College admissions scandal and the illusions of prestige
It is no coincidence that the list of parents indicted for buying their children entrance to allegedly prestigious colleges contains so many denizens of Hollywood and venture capital and investment banking. Both professions sell illusions and dreams: outright fiction or the promise of profit.
The purportedly "elite" colleges and universities into which they bribed their kids also sell the illusion that merely being associated with them will confer lifelong important advantages. That is not nearly as true as they would have you believe. In fact, in many if not most circumstances, enrollment in a nationally prominent purportedly "prestigious" institution of higher education is less a plus than a minus.
Take lawyers, for instance. Sure, if you want to get a seat on the Supreme Court these days, you'd better have gone to Harvard or Yale Law Schools. But that's nine jobs out of about 1.34 million lawyers in the U.S. Planning your career around the hope of getting one of those seats is far riskier than planning on the NBA as your ticket out of the ghetto. If ambitious young lads or lassies are planning to be a lawyer and want to get a career leg up, the odds are that they would be far better off applying to Home State U's law school.
Sterling Law Building at Yale Law School (photo credit: Schmitra).
My friend Richard Baehr has a huge amount of experience dealing with lawyers in many places. He writes:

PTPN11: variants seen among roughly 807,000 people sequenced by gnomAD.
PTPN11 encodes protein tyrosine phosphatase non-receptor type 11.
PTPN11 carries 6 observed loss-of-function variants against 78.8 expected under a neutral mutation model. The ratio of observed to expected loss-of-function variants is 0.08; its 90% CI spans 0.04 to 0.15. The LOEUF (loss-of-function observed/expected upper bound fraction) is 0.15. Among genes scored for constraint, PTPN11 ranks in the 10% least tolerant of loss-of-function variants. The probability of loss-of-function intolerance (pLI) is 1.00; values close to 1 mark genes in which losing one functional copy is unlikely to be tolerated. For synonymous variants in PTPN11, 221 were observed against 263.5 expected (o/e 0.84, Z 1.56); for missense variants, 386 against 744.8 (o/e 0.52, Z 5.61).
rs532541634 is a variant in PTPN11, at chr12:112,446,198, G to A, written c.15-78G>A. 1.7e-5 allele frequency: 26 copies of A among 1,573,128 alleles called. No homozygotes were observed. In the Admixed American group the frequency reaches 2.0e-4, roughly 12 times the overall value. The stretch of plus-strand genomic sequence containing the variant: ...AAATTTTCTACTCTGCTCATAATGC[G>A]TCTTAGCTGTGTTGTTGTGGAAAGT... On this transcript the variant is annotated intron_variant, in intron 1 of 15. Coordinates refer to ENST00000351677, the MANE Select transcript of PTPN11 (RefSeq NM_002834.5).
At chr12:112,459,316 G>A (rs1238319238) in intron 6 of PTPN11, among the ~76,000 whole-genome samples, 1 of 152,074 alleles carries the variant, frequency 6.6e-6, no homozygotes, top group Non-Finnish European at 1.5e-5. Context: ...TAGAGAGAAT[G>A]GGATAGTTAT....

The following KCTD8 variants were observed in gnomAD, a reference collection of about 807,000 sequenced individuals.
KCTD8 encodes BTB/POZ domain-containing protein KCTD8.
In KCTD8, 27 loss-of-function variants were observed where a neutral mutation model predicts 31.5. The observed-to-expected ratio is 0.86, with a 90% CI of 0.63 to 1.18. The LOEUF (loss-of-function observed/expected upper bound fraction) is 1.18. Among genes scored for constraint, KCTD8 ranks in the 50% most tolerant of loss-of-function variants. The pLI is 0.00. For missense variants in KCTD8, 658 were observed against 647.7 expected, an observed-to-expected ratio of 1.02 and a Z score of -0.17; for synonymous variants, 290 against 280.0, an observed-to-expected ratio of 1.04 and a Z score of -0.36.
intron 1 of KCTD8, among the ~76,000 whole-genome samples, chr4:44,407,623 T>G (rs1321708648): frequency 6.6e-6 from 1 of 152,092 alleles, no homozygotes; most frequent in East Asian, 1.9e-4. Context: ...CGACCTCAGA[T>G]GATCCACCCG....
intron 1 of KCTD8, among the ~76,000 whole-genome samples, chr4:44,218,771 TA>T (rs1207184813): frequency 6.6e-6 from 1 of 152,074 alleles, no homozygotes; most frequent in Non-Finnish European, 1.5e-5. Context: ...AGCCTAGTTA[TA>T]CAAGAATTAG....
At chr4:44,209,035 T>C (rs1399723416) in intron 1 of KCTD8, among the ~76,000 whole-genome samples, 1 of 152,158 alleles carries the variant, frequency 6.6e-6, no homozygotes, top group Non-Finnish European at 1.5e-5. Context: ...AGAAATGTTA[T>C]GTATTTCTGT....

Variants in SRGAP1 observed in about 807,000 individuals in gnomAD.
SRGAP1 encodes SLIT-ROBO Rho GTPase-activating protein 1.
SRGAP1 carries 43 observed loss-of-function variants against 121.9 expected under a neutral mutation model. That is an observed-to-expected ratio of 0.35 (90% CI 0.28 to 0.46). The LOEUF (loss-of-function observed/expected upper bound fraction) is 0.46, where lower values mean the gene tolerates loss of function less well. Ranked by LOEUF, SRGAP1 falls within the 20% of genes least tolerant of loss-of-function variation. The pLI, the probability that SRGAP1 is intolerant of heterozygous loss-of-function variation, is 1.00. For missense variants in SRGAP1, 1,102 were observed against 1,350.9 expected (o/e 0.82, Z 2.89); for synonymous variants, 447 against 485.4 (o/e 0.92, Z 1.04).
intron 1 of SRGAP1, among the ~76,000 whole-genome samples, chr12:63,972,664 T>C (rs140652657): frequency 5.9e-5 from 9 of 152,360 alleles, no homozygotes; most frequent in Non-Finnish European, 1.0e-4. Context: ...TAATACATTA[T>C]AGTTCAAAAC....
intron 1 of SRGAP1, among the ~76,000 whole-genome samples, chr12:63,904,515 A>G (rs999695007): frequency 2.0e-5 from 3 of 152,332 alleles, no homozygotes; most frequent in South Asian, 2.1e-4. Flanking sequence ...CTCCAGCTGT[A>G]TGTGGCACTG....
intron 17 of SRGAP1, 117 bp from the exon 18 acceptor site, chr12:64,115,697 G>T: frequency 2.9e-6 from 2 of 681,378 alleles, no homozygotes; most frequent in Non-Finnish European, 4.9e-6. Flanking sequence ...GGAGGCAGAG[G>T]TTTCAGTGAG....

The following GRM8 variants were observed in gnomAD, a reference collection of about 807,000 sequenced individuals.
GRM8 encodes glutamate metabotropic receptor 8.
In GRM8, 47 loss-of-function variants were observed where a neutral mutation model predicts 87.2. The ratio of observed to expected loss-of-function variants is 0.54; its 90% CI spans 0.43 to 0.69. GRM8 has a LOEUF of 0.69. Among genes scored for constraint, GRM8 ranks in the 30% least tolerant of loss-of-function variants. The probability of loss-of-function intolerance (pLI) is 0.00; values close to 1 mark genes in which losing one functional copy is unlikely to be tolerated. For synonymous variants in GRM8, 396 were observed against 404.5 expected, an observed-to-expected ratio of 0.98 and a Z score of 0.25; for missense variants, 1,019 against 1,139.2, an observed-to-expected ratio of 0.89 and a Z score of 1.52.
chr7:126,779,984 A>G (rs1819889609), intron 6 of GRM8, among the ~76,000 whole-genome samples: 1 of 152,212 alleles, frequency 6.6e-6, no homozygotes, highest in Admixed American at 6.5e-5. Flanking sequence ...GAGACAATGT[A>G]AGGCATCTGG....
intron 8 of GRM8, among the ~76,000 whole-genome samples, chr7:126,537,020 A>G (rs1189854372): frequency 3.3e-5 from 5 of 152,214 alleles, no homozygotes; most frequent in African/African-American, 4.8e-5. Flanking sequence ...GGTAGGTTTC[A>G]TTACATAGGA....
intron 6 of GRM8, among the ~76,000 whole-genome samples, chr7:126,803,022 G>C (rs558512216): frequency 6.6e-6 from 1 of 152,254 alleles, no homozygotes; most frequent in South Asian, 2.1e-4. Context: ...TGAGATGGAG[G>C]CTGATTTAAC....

I spent most of my last 25 years as a health care consultant doing expert witness testimony, where lawyers were all around me. Many of them who could have gone to more elite schools chose to go to their state law schools, and then work where they grew up.
The best ones were as good as those I came up against in New York or DC in bankruptcy and anti-trust cases.
In general, litigation in the states where I worked the most — Florida, South Carolina, Kentucky, Georgia, Mississippi, West Virginia — judges and other lawyers regarded someone who was a top lawyer with a degree from the state school a lot more favorably than those from more "prestigious" eastern schools. I saw this in a few antitrust cases, where heavyweights from DC were called-in by a giant company. As to lawyer satisfaction, during trials themselves, which sometimes lasted 3–4 weeks, they had completely miserable existences. (Mine was not any better — and I went back to a hotel room at night.)
Most of these State U Law School graduates earned very solid incomes, though certainly not what top New York lawyers earned. Then again, it is a lot less costly to live in Columbia, South Carolina, or Lexington, Kentucky or Tallahassee, Florida than New York City.
My own career experience as a Harvard Business School and Columbia International Relations professor, followed by decades as a strategic consultant to global corporations, was in that very narrow band of work where a recognizable university pedigree really did open doors. In Japan, where I did a lot of work, Harvard is regarded as the equivalent of Tokyo University, so enjoyed at least the imputation of some sort of status. But even at these optimal circumstances for the value of prestige, the most one could say is that the door was open, but then you have to walk through it and perform.
On Wall Street, which is where the biggest opportunities for making the biggest incomes are, those Harvard or Yale grads who may get their first job at Goldman Sachs based on prestige and connections don't last very long if they can't deliver performance. Math sophistication, cunning, and street smarts are far more important on the financial markets than pedigree. And some of the richest and most feared figures in the markets are not the aristocratic sorts.